SMR-generated power is 100 percent carbon-free, comparable to power generated from wind, sun or water, but requires just one percent of the land area to produce the same amount of power. It also avoids emitting more than 6 million tons of CO2 annually when comparing just one 60-megawatt NuScale plant with coal, and 2.5 million tons of CO2 when comparing one NuScale plant with natural gas.
NuScale Power, with the support of Fluor, expects to bring its technology to market by 2020. Commercialization of NuScale's SMR technology for U.S. and international deployment is expected to have a significant, positive effect on employment, enhance manufacturing capability and boost U.S. leadership in non-proliferation.
Additionally, in March 2012, NuScale signed a Memorandum of Agreement with the Savannah River Site (SRS) and Savannah River National Laboratory (SRNL) as further demonstration of the U.S. Department of Energy's commitment to commercialize American-designed small nuclear power plants.
In May 2014, NuScale, in which Fluor is a majority investor, officially signed a contract agreement with the DOE for funding that will support the development, licensing, and commercialization of the company's nuclear SMR technology.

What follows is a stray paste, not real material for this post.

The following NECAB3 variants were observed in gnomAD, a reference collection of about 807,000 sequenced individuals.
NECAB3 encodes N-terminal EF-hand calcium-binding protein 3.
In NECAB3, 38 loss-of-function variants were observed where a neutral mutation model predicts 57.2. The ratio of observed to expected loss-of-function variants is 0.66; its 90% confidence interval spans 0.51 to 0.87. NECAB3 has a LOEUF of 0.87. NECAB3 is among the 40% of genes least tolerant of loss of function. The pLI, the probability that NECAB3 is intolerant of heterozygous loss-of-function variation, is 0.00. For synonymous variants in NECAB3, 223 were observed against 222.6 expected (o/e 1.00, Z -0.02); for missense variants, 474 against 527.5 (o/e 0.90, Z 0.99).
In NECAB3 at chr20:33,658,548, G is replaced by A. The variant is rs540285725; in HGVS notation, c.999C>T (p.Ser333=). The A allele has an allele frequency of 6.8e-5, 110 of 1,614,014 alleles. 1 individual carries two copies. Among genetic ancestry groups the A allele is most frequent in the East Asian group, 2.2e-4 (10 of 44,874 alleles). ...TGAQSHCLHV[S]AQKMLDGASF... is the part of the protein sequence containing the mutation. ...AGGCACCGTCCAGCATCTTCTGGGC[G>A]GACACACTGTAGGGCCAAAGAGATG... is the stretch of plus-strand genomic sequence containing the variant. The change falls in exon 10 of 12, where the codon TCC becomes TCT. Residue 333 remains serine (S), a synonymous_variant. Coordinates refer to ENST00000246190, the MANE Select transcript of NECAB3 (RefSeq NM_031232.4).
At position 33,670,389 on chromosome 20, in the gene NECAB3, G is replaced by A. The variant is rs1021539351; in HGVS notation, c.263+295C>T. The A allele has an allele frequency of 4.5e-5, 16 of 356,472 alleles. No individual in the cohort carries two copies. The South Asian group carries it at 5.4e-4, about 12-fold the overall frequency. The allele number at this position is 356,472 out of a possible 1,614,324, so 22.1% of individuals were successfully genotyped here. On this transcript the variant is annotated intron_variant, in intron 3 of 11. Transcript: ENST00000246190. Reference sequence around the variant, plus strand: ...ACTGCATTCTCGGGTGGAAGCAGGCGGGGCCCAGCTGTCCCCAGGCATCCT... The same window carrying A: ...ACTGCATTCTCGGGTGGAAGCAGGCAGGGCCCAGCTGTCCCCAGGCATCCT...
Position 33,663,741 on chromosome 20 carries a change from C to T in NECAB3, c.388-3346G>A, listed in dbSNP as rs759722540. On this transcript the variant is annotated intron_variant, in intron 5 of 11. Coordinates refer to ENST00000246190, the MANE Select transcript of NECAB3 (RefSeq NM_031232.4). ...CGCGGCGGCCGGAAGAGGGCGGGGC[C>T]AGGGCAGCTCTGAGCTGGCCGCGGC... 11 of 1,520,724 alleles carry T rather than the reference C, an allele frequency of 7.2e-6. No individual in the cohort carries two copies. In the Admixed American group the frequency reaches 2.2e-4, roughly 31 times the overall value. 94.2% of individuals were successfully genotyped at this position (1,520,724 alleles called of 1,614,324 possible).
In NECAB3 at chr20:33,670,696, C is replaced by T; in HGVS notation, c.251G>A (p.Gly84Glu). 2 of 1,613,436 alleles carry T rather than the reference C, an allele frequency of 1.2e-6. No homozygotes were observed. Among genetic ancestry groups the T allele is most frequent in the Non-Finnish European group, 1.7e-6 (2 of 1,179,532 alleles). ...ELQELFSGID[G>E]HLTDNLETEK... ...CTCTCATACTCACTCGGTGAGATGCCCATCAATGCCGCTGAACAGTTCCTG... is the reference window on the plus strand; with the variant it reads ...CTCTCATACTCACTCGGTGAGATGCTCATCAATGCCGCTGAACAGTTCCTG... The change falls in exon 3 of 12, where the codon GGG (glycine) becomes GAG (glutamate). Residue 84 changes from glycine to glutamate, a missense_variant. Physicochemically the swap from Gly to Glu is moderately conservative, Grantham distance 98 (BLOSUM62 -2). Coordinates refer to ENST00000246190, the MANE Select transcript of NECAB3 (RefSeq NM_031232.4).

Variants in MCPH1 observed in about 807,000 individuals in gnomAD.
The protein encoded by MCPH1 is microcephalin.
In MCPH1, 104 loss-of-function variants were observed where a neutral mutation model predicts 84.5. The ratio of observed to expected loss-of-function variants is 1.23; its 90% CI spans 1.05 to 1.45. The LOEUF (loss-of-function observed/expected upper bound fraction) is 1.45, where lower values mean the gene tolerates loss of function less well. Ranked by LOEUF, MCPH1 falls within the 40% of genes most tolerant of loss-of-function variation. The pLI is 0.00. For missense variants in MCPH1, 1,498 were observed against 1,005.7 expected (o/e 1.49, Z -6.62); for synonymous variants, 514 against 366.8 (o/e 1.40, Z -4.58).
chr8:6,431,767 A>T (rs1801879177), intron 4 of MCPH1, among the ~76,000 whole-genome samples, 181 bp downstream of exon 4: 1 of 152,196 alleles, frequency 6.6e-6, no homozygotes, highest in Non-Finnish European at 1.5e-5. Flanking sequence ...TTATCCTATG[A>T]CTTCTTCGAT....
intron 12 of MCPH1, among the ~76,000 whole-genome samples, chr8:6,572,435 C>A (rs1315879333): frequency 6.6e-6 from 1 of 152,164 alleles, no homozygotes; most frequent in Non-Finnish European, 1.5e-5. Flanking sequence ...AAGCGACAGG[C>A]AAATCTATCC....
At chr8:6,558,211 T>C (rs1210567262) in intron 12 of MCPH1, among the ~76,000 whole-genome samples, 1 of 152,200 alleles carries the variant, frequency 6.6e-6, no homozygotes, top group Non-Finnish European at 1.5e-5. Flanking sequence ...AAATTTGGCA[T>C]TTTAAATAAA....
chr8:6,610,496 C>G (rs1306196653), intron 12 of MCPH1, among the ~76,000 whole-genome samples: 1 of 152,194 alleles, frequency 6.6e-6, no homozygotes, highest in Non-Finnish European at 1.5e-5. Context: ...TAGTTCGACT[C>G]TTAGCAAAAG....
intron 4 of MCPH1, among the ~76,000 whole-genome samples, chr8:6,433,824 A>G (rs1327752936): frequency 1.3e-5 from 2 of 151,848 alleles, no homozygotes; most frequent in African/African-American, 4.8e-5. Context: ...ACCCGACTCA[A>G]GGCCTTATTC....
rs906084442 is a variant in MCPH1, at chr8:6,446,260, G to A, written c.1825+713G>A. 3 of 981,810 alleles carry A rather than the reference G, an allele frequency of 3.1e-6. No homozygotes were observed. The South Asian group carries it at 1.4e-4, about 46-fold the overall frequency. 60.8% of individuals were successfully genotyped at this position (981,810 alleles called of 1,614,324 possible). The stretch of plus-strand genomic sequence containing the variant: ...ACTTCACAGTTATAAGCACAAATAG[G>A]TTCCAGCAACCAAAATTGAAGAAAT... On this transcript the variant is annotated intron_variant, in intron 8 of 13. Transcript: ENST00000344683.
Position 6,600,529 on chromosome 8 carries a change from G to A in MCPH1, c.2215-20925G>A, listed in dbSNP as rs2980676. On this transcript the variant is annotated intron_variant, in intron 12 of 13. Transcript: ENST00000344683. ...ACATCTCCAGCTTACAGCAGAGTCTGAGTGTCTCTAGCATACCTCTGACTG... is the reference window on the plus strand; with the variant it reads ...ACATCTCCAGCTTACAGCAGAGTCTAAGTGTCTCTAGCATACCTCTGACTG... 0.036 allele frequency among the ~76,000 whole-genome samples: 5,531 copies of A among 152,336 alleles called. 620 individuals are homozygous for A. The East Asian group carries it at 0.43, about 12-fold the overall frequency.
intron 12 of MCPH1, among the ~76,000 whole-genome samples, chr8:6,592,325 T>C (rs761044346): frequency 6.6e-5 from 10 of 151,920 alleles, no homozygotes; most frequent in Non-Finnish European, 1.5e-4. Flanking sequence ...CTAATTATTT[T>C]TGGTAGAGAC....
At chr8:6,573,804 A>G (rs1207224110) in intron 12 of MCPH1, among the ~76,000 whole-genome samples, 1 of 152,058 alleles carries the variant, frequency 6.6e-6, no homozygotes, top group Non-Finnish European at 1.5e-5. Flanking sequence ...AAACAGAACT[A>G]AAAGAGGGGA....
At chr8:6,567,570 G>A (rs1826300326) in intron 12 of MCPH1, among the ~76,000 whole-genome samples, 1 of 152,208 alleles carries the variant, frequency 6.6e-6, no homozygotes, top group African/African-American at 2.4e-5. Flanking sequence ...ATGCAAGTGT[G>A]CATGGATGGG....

In March 2016, the DOE and Utah Municipal Power Systems (UAMPS) signed an agreement that provides UAMPS with a use permit to choose a suitable nuclear power plant site within the Idaho National Laboratory site boundaries. UAMPS plans to build and operate the first NuScale SMR power plant, producing 600 Megawatts of clean nuclear electricity.
In January 2017, Fluor announced that NuScale completed and formally submitted its design certification application for SMR commercial power plant design to the U.S. Nuclear Regulatory Commission.
In March 2017, two months after application submission, the NRC accepted NuScale's design certification application, confirming that the submission addresses all NRC requirements to conduct a full review.
In January 2018, the U.S. Nuclear Regulatory Commission concluded that application of NuScale's safety design approach eliminates the need for class 1E power for its small modular reactor (SMR).
In April 2018, the U.S. Nuclear Regulatory Commission (NRC) completed the first and most intensive phase of review for NuScale's design certification application (DCA). NuScale's is the first and only small modular reactor (SMR) application to ever undergo NRC review. Also in early 2018, the U.S. Department of Energy’s Office of Nuclear Energy awarded NuScale $40 million in cost-sharing financial assistance under its "U.S. Industry Opportunities for Advanced Nuclear Technology Development" funding opportunity. The federal award supports early-stage research and development and the industry’s acceleration of these technologies to promote U.S. energy independence, energy dominance, electricity grid resiliency, national security, and clean baseload power.
In July 2019, the NRC completed Phases 2 and 3 of the design certification process. In December 2019, the NRC completed Phase 4.
In August 2020, Fluor announced that NuScale received final design certification by the NRC, which is expected to advance the commercialization of NuScale’s SMR technology.
Read more about Fluor's investment in NuScale.